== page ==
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Ryan vs Vance
“JD Vance is counting on billionaires like Peter Thiel and Donald Trump to prop him up. Me? I’m depending on folks like Denise from Youngstown who chipped in $5 and Craig from Springboro who gave $25.”
Tim Ryan is a Democrat who can win Ohio. A lifelong resident of the state, Ryan now lives only a few miles away from where he grew up in Niles, and he’s been fighting for working Ohioans his entire life. What he lacks in flashy progressivism, he makes up for in sharp pragmatism — a set of politics that resonate in a state where Republicans dominate and social conservatism is the norm.
Ryan’s parents divorced when he was young, and he was raised by his mother. His early life was defined by his tenure as a star quarterback until his athletic ambitions were dashed by a knee injury that ended his football career. He transferred to Bowling Green State, a public university in Ohio, where he studied political science. After graduation, he started working as an aide for Democratic Ohio Congressman Jim Traficant, an experience which helped Ryan realize that a career in politics was the surest path to helping his fellow Ohioans. In 2000, Ryan studied at New Hampshire’s Franklin Pierce Law Center, receiving his Juris Doctor. Soon after, Ryan returned home to Ohio where he was elected to the State Senate, serving a half-term from 2000 to 2002. After Traficant, his former boss, was convicted on racketeering charges, Ryan announced his candidacy for the newly vacant seat in the House of Representatives. That year, he ran in a competitive six-way primary for Ohio’s 17th congressional district. His reputation as a champion of labor rights gained him support in the region’s union towns, which helped him win the nomination. As the Democratic nominee, Ryan ultimately edged out his opponents, Republican Ann Womer Benjamin and Traficant, who ran as an independent from his prison cell, and was elected with 51 percent of the vote.
Ryan’s ten terms in the U.S. House can be characterized by a trajectory of growth. In 2010, he voted in favor of the Stupak Amendment, a controversial measure that banned federal funding for abortions. However, in 2015, Ryan came out as pro-choice, announcing that over the course of his time in office he had “gained a deeper understanding of the complexities and emotions that accompany the difficult decisions [involved in elective termination of pregnancy].” He serves on the Medicare for All Caucus alongside Senator Bernie Sanders and the Blue Collar Caucus, which advocates for the interests of labor unions and working-class people. Still, Ryan’s time in the House has not been without controversy. He has been accused of Sinophobia by members of the Asian-American community for his support of anti-China legislation and campaign ads repeatedly blaming China for the loss of American jobs. As well, he defended controversial tax increases on small businesses to conservative magazine Human Events, saying in his interview, “We have huge deficits. We gotta shore up Social Security. We gotta shrink our deficits.”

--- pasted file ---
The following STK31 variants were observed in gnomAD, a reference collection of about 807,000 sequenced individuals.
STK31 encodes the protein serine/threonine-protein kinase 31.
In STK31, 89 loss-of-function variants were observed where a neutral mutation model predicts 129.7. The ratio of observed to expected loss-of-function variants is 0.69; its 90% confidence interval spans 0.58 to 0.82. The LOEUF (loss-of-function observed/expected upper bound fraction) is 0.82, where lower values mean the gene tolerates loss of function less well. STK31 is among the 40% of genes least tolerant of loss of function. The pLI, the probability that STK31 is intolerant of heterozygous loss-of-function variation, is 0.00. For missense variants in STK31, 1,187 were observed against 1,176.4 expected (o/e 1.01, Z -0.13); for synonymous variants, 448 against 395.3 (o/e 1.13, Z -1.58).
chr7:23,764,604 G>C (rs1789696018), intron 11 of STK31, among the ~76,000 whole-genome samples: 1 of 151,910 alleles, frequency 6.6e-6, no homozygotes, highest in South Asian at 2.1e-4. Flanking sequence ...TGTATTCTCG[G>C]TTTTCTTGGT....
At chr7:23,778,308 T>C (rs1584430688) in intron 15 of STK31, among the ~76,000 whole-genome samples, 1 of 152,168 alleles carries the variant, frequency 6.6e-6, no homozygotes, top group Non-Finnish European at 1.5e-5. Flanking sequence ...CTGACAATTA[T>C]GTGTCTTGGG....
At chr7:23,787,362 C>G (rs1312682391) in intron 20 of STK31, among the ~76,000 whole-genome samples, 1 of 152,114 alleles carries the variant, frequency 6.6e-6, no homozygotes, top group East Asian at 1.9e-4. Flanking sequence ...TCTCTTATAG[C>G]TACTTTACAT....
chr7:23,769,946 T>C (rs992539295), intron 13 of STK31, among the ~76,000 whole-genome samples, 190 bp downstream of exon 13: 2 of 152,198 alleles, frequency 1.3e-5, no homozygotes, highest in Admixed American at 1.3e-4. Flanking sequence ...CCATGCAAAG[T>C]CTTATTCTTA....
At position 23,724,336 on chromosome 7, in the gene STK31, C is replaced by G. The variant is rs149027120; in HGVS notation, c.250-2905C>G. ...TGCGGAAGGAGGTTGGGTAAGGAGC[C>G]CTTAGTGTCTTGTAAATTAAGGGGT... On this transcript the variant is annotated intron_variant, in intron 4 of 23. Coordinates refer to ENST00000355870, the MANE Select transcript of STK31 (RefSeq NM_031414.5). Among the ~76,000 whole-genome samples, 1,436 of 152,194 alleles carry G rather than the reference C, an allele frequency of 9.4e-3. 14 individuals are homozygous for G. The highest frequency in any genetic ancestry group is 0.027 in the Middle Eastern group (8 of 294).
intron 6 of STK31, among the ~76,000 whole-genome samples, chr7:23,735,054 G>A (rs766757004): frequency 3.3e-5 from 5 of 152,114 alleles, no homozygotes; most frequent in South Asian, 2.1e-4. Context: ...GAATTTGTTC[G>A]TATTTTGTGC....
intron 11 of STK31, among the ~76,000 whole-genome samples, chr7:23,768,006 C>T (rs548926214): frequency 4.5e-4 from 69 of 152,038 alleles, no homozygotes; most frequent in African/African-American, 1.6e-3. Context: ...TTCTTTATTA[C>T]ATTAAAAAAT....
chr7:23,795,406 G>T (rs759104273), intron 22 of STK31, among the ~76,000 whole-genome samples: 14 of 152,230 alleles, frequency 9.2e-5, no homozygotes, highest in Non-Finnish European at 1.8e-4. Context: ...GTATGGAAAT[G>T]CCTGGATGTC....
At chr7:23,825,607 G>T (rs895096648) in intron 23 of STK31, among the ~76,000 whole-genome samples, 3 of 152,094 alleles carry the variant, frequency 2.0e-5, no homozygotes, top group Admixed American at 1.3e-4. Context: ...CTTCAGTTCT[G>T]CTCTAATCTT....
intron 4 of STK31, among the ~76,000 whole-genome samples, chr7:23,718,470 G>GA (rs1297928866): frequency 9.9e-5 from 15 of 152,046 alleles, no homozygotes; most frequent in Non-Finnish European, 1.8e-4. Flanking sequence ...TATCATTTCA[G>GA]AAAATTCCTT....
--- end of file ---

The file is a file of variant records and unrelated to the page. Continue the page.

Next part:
In 2018, Ryan advocated for Amer Adi Othman, an undocumented immigrant from Jordan who had become a “pillar of the community” in his small Ohio town, to remain in the United States after he was threatened with deportation. As a result of Ryan’s advocacy in the House, Othman was granted a two-year stay, which was cut short by then-President Donald Trump. On the eve of Othman’s deportation, Ryan issued a statement to the press: “To watch these families get ripped apart is the most heart-breaking thing any American citizen could ever see… Because you are for these families, it doesn’t mean you are not for a secure border.
With the midterms on the horizon and the Senate majority at stake, it’s high time for us to turn our attention to candidates like Ryan who have a chance at securing a Democratic seat in states where Senate elections have typically gone to Republicans. With J.D. Vance, Hillbilly Elegy author turned right-wing reactionary, having just secured the Republican nomination, come November, Ohioans will face the choice between a middle-of-the-road-Democrat and a Trump-backed conservative firebrand.
Caitlin Lent is a staff writer and media director for Weekly Senator. She is also a journalist and photographer. Born and raised in Deep River, Connecticut, she now lives and works in New York City.
“I’ll keep fighting like hell until we codify Roe and fully protect women’s fundamental rights and reproductive freedom.”
“Every worker in America deserves the right to collectively bargain for fair wages, good benefits, and safe working conditions — and that includes right here in Congress.”
Taxing the Rich
“If billionaires can afford to take trips to outer space or drop $44 billion on a social media platform, I think they can afford to pay their fair share in taxes like the rest of us. Don’t you?”
Ohio Federation of Teachers
United Food & Commercial Workers
BOLD Democrats PAC
Council for a Livable World
NARAL Pro-Choice America
National Education Association
Voter Protection Project
Ohio Democratic Executive Committee
Planned Parenthood Action Fund
"I know Tim, and I know whose side he's on. He's not in this for himself or for corporate special interests--he has dedicated his life to fighting for Ohioans, and their jobs, and their wages, and their communities."
"My friend Tim Ryan will be a fantastic senator for Ohio and I couldn't be happier to endorse him. I've seen first hand how he shows up every day to fight for working people."